(To be continued.)


No. III. The next rainy afternoon to that on which the account of Lucy and HELEN was given, (see Youth's Instructer for February, 1822, p. 50,) Jane found, on entering the parlour, the children all seated round the fire, expecting her to tell them another story. So she began in the following manner:

You all know Mary BURTON, who lives near the church in the next village to us, and I think she is rather a favourite of yours ;-at least her cottage is; for you always stop, when you pass it, to look at its white walls and paling, over which the old elm-trees bend, and to enjoy the sweet smell of her flowergarden. You have often remarked how very neat every thing looks around it; particularly herselfin

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when her white cap and pleasant face have been just discerned between the bright scarlet geraniums that nearly cover her little casement. But though you are well acquainted with her cottage, and her countenance, I think you do not know much of her history; so I will tell it you.

Mary Burton was the child of very poor parents. Her father was a gardener, but, being frequently ill, he could not have constant work; so that her mother was necessitated to take in needle-work and washing, in order to add something to his scanty means for the support of their large family. Mary, being the eldest of seven, was obliged to work almost as soon as she could walk. Her childhood was not spent like yours, in quiet studies and pleasant plays. When she was ten years old, and no taller or stronger than you, my Mary, she was the nurse of her sister, then an infant; and not only did she nurse her all day, but when she had sung her to sleep, she had to wash and work for her, till her own bed-time arrived.

MARY was very fond of little babies, and she thought her sister the prettiest and sweetest child ske had ever seen; but all her love could not keep her own little arms from being tired with her weight, or her head from aching after her crying: and yet she was so careful, that when she was wearied, she never laid the infant down in the fields, as some thoughtless girls would, but danced and carried her about as long as possible. As soon as her sister could run alone, one of her brothers was sent out with her; for her mother thought that. Mary might now be of much more use by staying at home, and attending to the work of the house. Though it consisted but of four small rooms, yet there was much to be done: MARY A SISTER'S TALES.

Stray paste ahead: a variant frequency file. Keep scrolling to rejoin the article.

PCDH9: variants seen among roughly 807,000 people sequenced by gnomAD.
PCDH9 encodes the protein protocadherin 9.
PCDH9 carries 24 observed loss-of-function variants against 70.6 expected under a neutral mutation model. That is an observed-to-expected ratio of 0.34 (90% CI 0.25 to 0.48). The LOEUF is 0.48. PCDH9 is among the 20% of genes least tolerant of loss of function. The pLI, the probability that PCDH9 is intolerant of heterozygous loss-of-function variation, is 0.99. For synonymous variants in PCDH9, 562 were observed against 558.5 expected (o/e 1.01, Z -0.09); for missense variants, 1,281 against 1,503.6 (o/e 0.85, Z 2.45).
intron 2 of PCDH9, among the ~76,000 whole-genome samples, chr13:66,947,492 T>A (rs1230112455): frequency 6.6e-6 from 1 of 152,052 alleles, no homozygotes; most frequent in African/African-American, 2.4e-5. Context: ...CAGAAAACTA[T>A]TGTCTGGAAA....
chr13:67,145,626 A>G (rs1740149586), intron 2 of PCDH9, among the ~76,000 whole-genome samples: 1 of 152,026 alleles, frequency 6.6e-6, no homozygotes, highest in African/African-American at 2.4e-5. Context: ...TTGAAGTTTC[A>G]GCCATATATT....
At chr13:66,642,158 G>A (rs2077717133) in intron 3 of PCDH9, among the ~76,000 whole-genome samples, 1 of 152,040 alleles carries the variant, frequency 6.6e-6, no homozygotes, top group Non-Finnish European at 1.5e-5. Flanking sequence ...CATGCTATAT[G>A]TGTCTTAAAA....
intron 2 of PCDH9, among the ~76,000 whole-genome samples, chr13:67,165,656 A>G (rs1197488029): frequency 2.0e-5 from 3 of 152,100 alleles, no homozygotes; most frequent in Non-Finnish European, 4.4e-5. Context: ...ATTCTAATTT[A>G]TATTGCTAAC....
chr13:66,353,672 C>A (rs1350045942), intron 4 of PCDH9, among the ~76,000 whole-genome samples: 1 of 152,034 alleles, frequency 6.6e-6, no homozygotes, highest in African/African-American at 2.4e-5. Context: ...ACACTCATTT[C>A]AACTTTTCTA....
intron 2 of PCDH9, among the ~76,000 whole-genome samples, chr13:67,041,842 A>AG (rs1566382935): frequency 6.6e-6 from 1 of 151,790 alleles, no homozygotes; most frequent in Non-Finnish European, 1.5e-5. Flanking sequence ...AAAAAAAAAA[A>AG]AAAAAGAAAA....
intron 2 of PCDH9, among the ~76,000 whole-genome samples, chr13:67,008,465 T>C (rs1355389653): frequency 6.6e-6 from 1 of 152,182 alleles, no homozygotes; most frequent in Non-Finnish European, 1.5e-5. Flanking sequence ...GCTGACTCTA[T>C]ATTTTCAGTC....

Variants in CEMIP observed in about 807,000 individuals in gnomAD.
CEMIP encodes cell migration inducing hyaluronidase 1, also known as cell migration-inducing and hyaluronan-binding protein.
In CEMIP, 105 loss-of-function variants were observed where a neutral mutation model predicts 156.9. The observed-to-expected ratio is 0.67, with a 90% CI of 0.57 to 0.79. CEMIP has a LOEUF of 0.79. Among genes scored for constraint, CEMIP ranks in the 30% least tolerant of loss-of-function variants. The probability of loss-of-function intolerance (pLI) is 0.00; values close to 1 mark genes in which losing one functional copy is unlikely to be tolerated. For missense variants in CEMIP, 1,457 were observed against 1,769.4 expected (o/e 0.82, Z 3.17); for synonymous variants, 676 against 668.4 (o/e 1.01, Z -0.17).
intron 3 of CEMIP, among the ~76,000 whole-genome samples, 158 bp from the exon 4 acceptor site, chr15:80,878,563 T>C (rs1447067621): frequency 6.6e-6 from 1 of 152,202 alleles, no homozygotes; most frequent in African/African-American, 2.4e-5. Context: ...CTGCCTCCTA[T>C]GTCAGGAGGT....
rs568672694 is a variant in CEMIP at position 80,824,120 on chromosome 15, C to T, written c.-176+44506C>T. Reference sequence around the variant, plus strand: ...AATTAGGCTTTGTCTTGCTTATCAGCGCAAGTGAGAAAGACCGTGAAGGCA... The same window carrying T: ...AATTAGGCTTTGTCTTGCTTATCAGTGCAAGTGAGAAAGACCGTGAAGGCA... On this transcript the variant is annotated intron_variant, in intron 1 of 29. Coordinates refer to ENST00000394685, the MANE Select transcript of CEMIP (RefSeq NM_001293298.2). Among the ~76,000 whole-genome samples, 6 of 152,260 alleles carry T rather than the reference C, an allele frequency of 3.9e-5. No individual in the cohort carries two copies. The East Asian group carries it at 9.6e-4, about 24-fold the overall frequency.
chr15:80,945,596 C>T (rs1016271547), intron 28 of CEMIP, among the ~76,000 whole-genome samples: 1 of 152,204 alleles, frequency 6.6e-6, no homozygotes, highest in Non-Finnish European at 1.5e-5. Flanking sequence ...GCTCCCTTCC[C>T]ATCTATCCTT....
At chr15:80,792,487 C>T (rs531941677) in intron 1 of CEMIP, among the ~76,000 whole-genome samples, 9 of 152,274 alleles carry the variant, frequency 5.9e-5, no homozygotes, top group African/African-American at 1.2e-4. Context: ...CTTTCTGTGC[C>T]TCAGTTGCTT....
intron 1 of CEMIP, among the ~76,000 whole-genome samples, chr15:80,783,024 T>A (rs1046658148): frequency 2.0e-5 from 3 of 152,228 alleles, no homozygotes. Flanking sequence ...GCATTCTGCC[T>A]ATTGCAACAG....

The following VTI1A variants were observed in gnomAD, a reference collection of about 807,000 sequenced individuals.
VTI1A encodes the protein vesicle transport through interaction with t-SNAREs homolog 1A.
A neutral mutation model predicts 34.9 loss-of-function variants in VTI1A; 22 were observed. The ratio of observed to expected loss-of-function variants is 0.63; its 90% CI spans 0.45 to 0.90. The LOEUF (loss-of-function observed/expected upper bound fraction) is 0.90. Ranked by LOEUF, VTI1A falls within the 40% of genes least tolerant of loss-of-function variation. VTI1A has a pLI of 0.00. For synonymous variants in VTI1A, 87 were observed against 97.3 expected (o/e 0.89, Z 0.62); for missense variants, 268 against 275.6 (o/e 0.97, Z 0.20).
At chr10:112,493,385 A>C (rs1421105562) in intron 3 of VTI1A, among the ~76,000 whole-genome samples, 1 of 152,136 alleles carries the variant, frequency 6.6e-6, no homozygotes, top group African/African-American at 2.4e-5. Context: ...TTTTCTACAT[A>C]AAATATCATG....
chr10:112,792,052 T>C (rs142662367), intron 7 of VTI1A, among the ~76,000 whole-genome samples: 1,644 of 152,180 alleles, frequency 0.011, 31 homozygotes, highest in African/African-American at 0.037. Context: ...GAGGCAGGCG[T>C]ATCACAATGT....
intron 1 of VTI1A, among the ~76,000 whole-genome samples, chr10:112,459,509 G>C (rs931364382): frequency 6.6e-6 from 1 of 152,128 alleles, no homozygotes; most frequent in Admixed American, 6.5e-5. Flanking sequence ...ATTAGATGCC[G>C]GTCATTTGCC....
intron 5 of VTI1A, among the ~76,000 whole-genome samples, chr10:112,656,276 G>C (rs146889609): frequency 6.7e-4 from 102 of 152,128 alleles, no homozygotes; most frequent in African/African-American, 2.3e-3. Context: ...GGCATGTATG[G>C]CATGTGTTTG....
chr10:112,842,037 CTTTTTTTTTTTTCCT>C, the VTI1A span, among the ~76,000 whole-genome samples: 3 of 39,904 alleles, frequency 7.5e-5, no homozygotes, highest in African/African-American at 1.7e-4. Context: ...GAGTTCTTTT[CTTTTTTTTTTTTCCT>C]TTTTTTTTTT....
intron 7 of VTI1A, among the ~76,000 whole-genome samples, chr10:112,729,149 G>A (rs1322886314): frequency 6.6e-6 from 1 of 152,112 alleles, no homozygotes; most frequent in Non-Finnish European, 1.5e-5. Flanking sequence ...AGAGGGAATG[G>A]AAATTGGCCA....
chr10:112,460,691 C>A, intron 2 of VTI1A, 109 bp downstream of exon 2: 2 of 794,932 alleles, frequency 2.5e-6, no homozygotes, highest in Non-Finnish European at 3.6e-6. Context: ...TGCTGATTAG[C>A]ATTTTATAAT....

kept them all in order, prepared every meal, and when this was done, sat down, not to rest herself, but to work hard for the family. Her only holiday was on the Saturday afternoon; when she was sent to a town, four miles distant, to market. This was indeed quite a treat to her on fine days; for her way lay through a succession of shady lanes, bordered with wild flowers, while here and there a break in the hedge disclosed a landscape composed of corn and clover fields, divided by a small wood, beyond which was a blue sea, and over all a bright blue sky. But very different was her walk in winter: she could not then go through these lanes, for the rain rendered them quite impassable;-she had to ascend hills, with the bleak wind blowing in her face, and sometimes bringing snow and rain along with it. One of her brothers was generally sent with her on such days, as a companion; and when he looked very cold, she put her little red cloak round him also, and then, though she was almost frozen, her heart was glad to think that she was warming him. Sometimes it was quite dark before they arrived at home, and she could not help crying from a fear that they should miss their way; but this her brother did not hear, for he always 66 whistled aloud to bear his courage up." This was her only excursion, and it was her regular one; for whatever season or weather it might be, Mary was sure to be seen going to market on Saturday, with her baskets on her arm.

I have told you what were her duties and employ. ments; and now I will tell you how she attended to them. This I can do very easily ;-she made plece sures of them, by performing them all in a quiet and even cheerful manner. This spirit, so different from